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Ducklings Fall Through City Grate, Sweet Moment Rescuers Reunite Them with Mama Recorded

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For a family of Black-bellied whistling ducklings in Pearland, Texas, 13 is their lucky number. After falling through a city grate, all 13 ducklings were fortunate to emerge uninjured.

Josephine Pena was outside Pena’s Donut Heaven & Grill on May 5 when she noticed the adorable duck family.

Mom, Dad, and a whole brood of chicks walked together along a dirt walkway, cute fluffy adorableness that Pena couldn’t help but start to film.

But the cute family outing suddenly took a frightening turn for the worse. The tiny ducklings managed to step off the dirt walkway and onto the city street, separated from their parents.

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The bright red curb was too high for the ducklings to climb up, so they continued walking down the street.

The brood headed straight for a city grate, and their tiny bodies were so small that they slipped right down the drain.

Pena can be heard gasping in disbelief, horrified as every last duckling slipped through the grate. She immediately sought help.

“We called everybody we could think of related with wildlife birds,” Pena said. “Couldn’t find any help.”

So, Pena had to wing it. She rounded up some local help — just regular people with compassionate hearts.

One unidentified man dropped down the drain and began rounding up the ducklings.

Slowly but surely, he lifted each duck sibling out of the drain where they were placed in a cardboard box for safekeeping.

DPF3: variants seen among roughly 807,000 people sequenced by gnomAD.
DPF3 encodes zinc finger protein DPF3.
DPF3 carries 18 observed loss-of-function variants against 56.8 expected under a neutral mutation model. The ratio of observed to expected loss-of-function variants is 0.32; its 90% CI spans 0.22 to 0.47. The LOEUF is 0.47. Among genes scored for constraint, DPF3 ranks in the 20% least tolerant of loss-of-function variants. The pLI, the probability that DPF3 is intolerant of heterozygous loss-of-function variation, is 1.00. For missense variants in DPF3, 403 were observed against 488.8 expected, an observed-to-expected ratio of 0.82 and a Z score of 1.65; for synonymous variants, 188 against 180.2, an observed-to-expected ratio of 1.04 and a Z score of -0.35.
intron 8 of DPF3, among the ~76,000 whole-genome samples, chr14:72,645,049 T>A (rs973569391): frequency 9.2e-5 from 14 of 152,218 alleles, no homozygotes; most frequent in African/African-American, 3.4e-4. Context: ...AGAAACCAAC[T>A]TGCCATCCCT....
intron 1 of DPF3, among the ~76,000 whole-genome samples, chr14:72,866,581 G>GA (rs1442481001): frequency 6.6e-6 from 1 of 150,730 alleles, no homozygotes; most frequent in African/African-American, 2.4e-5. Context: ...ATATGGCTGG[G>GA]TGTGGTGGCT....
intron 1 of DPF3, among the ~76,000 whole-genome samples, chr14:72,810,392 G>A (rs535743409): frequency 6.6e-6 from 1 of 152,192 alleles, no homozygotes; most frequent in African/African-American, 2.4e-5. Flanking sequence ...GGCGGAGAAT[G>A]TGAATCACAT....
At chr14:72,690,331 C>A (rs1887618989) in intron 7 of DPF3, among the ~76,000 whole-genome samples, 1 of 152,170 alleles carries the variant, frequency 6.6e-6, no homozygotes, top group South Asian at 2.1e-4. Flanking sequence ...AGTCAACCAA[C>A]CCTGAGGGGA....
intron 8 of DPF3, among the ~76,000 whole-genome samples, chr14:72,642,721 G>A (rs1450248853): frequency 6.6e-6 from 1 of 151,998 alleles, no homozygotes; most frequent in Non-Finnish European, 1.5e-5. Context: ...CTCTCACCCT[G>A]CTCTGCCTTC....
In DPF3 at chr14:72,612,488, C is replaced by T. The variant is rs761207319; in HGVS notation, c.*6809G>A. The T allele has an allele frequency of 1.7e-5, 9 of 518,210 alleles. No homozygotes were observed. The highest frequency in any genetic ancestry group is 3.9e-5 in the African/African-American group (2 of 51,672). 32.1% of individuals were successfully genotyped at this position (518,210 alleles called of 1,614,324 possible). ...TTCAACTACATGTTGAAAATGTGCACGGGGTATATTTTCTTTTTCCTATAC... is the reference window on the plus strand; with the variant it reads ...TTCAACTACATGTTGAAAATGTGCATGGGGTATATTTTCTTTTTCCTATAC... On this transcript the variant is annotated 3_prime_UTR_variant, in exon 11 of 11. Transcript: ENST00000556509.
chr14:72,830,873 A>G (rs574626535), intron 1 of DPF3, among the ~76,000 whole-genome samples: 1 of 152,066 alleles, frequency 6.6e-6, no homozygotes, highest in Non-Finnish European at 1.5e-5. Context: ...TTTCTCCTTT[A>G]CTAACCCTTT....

It took four hours before each and every duckling was pulled out of the drain. Pena and company were satisfied with a job well done and turned their efforts to the next task: reunification.

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“We rescued 13 duckies today,” Pena said happily. By this time, mom and dad duck were not in sight, so Pena took them to a nearby lake.

Pena’s counterpart opened the cardboard box and the fluffy crew waddled out.

In a very happy ending, mom and dad duck showed up and it was only a matter of moments before the family swam away, reunited at last.

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A graduate of Grand Canyon University, Kim Davis has been writing for The Western Journal since 2015, focusing on lifestyle stories.
Kim Davis began writing for The Western Journal in 2015. Her primary topics cover family, faith, and women. She has experience as a copy editor for the online publication Thoughtful Women. Kim worked as an arts administrator for The Phoenix Symphony, writing music education curriculum and leading community engagement programs throughout the region. She holds a degree in music education from Grand Canyon University with a minor in eating tacos.
Birthplace
Page, Arizona
Education
Bachelor of Science in Music Education
Location
Phoenix, Arizona
Languages Spoken
English
Topics of Expertise
Lifestyle & Human Interest




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